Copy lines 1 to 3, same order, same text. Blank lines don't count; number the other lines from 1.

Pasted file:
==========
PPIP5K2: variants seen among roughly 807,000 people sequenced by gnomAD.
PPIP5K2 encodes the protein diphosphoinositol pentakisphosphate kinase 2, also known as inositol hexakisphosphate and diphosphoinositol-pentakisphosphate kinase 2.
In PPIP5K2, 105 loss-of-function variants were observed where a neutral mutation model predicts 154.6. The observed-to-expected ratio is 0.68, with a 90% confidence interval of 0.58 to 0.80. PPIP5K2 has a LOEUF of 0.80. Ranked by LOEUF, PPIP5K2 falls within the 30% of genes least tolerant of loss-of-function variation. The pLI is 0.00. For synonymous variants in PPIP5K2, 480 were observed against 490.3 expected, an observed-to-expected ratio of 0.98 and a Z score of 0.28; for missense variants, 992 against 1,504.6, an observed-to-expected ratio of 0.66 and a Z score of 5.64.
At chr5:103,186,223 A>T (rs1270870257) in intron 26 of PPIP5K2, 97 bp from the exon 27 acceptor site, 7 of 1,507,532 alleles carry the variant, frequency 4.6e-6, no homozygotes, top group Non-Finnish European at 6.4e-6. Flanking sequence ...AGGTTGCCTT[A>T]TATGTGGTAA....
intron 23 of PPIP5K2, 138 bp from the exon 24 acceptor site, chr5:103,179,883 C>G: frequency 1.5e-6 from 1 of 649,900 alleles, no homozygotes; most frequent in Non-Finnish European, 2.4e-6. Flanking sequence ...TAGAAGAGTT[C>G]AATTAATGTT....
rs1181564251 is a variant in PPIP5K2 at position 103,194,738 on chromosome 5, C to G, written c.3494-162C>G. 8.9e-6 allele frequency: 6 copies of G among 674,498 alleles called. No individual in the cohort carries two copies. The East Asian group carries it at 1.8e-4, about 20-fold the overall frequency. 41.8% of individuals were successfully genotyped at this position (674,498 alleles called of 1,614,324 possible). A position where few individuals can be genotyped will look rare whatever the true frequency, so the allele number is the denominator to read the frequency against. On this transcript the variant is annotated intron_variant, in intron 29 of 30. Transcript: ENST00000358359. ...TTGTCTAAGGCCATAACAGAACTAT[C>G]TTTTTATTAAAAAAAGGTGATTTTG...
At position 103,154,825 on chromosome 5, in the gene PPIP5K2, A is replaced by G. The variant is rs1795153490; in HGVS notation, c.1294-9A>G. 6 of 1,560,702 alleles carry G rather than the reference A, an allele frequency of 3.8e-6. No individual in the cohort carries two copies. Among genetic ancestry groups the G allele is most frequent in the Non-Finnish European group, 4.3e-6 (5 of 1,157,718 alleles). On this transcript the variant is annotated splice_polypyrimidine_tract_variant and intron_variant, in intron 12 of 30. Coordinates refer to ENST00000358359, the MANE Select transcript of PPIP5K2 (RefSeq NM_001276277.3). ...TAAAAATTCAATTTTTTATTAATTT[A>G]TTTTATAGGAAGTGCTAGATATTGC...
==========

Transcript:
PPIP5K2: variants seen among roughly 807,000 people sequenced by gnomAD.
PPIP5K2 encodes the protein diphosphoinositol pentakisphosphate kinase 2, also known as inositol hexakisphosphate and diphosphoinositol-pentakisphosphate kinase 2.
In PPIP5K2, 105 loss-of-function variants were observed where a neutral mutation model predicts 154.6. The observed-to-expected ratio is 0.68, with a 90% confidence interval of 0.58 to 0.80. PPIP5K2 has a LOEUF of 0.80. Ranked by LOEUF, PPIP5K2 falls within the 30% of genes least tolerant of loss-of-function variation. The pLI is 0.00. For synonymous variants in PPIP5K2, 480 were observed against 490.3 expected, an observed-to-expected ratio of 0.98 and a Z score of 0.28; for missense variants, 992 against 1,504.6, an observed-to-expected ratio of 0.66 and a Z score of 5.64.